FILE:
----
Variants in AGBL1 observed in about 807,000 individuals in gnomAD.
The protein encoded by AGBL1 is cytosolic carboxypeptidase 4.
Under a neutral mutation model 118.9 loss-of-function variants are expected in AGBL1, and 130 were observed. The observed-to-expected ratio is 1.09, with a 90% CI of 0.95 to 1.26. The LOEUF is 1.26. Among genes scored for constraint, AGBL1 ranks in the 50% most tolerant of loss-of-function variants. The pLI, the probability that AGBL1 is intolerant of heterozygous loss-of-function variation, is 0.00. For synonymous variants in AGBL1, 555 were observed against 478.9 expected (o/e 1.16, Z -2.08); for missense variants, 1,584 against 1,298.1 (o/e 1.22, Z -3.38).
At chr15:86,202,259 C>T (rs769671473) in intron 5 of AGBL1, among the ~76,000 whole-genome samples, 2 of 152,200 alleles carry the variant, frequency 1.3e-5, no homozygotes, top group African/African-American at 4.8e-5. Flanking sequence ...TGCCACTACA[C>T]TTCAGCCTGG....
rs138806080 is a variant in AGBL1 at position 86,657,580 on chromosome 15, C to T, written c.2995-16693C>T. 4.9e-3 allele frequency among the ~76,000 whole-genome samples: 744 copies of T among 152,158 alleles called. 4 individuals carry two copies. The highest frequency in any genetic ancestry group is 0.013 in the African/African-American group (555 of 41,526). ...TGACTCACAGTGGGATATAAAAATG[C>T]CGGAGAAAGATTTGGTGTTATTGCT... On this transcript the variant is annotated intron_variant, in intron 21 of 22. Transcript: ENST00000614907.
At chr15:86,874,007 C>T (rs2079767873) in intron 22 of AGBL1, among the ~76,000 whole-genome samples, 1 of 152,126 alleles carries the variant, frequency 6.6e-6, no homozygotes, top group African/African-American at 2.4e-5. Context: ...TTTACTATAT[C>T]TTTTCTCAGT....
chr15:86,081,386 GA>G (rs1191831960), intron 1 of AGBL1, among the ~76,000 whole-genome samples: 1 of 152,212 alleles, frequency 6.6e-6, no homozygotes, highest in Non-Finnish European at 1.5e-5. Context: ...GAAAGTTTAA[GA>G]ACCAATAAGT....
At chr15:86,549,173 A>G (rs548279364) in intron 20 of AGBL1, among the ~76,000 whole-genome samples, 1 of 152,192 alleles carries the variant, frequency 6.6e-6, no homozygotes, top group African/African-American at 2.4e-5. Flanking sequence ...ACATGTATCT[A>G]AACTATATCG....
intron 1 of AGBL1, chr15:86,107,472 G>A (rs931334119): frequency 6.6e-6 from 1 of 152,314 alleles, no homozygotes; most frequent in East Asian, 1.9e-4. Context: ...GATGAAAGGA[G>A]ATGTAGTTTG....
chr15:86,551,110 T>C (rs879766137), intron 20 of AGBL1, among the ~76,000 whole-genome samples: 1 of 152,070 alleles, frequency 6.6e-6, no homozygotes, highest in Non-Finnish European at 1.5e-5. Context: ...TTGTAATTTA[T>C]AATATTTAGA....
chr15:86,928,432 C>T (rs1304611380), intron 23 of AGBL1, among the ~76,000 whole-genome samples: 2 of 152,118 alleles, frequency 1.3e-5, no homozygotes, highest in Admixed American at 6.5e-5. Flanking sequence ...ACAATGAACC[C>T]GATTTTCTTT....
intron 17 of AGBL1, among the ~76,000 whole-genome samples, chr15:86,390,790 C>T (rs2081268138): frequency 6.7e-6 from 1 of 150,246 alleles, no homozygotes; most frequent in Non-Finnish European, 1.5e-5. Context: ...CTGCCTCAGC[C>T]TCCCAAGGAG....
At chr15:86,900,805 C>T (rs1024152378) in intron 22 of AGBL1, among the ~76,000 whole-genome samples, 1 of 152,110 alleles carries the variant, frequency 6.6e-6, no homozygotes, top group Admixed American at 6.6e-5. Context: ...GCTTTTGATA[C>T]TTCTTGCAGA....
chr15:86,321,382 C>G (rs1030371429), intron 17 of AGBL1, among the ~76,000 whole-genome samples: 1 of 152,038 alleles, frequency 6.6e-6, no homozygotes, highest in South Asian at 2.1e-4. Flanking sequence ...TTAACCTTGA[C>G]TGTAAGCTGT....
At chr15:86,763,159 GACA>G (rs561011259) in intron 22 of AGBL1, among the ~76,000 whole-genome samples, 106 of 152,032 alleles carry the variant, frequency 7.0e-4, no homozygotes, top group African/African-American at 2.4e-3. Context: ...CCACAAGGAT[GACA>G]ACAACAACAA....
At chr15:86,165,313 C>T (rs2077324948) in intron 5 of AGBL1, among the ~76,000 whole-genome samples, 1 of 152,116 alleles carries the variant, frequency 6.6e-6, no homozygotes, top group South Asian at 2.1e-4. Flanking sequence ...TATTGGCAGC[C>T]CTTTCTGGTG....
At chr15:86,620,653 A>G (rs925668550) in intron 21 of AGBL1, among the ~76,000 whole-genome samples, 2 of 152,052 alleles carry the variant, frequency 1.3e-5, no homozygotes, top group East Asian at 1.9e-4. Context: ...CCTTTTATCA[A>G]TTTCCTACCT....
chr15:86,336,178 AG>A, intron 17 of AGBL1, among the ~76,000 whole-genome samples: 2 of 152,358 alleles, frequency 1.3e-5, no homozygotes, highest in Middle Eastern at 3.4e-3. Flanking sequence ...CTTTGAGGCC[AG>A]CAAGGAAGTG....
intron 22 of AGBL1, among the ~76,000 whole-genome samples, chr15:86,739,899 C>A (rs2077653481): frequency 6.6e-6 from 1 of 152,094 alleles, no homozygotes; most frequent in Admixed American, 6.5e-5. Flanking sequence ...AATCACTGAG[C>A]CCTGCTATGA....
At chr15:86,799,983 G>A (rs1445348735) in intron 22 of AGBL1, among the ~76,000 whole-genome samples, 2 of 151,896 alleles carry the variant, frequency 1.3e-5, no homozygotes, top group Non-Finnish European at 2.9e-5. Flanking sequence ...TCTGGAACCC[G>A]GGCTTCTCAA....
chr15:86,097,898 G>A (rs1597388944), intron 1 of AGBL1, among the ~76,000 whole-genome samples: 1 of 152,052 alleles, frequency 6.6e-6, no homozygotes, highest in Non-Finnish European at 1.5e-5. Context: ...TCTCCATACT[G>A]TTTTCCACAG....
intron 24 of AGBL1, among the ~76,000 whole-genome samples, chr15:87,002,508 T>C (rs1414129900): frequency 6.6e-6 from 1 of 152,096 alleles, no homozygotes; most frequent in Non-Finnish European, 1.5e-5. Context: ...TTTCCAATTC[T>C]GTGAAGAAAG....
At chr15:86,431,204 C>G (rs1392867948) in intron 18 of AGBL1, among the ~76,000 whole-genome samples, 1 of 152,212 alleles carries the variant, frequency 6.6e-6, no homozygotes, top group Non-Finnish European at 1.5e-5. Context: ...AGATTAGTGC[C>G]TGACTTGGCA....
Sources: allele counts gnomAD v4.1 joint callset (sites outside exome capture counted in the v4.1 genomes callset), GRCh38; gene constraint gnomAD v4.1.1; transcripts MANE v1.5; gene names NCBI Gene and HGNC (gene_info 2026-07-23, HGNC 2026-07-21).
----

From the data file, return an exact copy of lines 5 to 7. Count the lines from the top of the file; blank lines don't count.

rs138806080 is a variant in AGBL1 at position 86,657,580 on chromosome 15, C to T, written c.2995-16693C>T. 4.9e-3 allele frequency among the ~76,000 whole-genome samples: 744 copies of T among 152,158 alleles called. 4 individuals carry two copies. The highest frequency in any genetic ancestry group is 0.013 in the African/African-American group (555 of 41,526). ...TGACTCACAGTGGGATATAAAAATG[C>T]CGGAGAAAGATTTGGTGTTATTGCT... On this transcript the variant is annotated intron_variant, in intron 21 of 22. Transcript: ENST00000614907.
At chr15:86,874,007 C>T (rs2079767873) in intron 22 of AGBL1, among the ~76,000 whole-genome samples, 1 of 152,126 alleles carries the variant, frequency 6.6e-6, no homozygotes, top group African/African-American at 2.4e-5. Context: ...TTTACTATAT[C>T]TTTTCTCAGT....
chr15:86,081,386 GA>G (rs1191831960), intron 1 of AGBL1, among the ~76,000 whole-genome samples: 1 of 152,212 alleles, frequency 6.6e-6, no homozygotes, highest in Non-Finnish European at 1.5e-5. Context: ...GAAAGTTTAA[GA>G]ACCAATAAGT....